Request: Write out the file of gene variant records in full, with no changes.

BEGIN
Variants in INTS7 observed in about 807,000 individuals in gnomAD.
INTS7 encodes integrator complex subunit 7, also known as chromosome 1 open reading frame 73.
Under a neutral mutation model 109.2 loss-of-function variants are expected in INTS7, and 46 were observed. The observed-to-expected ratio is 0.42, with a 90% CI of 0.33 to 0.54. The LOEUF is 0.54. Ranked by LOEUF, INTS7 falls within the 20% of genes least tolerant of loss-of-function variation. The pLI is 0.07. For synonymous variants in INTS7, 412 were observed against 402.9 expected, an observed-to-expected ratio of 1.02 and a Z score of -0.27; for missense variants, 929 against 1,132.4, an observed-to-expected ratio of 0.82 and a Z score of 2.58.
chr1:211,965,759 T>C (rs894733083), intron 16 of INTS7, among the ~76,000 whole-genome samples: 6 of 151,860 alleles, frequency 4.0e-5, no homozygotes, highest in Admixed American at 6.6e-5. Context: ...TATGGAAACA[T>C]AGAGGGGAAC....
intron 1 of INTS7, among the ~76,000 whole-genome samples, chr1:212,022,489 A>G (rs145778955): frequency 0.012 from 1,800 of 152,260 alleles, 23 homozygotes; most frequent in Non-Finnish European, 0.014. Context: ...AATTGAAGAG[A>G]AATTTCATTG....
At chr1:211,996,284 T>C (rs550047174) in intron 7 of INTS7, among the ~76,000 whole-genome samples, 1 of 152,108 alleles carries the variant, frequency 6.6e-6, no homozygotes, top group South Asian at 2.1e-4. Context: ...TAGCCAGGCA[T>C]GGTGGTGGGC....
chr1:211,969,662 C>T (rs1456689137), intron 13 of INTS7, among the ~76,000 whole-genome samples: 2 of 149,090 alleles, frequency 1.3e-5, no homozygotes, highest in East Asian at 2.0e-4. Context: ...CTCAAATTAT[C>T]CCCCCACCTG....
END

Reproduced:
Variants in INTS7 observed in about 807,000 individuals in gnomAD.
INTS7 encodes integrator complex subunit 7, also known as chromosome 1 open reading frame 73.
Under a neutral mutation model 109.2 loss-of-function variants are expected in INTS7, and 46 were observed. The observed-to-expected ratio is 0.42, with a 90% CI of 0.33 to 0.54. The LOEUF is 0.54. Ranked by LOEUF, INTS7 falls within the 20% of genes least tolerant of loss-of-function variation. The pLI is 0.07. For synonymous variants in INTS7, 412 were observed against 402.9 expected, an observed-to-expected ratio of 1.02 and a Z score of -0.27; for missense variants, 929 against 1,132.4, an observed-to-expected ratio of 0.82 and a Z score of 2.58.
chr1:211,965,759 T>C (rs894733083), intron 16 of INTS7, among the ~76,000 whole-genome samples: 6 of 151,860 alleles, frequency 4.0e-5, no homozygotes, highest in Admixed American at 6.6e-5. Context: ...TATGGAAACA[T>C]AGAGGGGAAC....
intron 1 of INTS7, among the ~76,000 whole-genome samples, chr1:212,022,489 A>G (rs145778955): frequency 0.012 from 1,800 of 152,260 alleles, 23 homozygotes; most frequent in Non-Finnish European, 0.014. Context: ...AATTGAAGAG[A>G]AATTTCATTG....
At chr1:211,996,284 T>C (rs550047174) in intron 7 of INTS7, among the ~76,000 whole-genome samples, 1 of 152,108 alleles carries the variant, frequency 6.6e-6, no homozygotes, top group South Asian at 2.1e-4. Context: ...TAGCCAGGCA[T>C]GGTGGTGGGC....
chr1:211,969,662 C>T (rs1456689137), intron 13 of INTS7, among the ~76,000 whole-genome samples: 2 of 149,090 alleles, frequency 1.3e-5, no homozygotes, highest in East Asian at 2.0e-4. Context: ...CTCAAATTAT[C>T]CCCCCACCTG....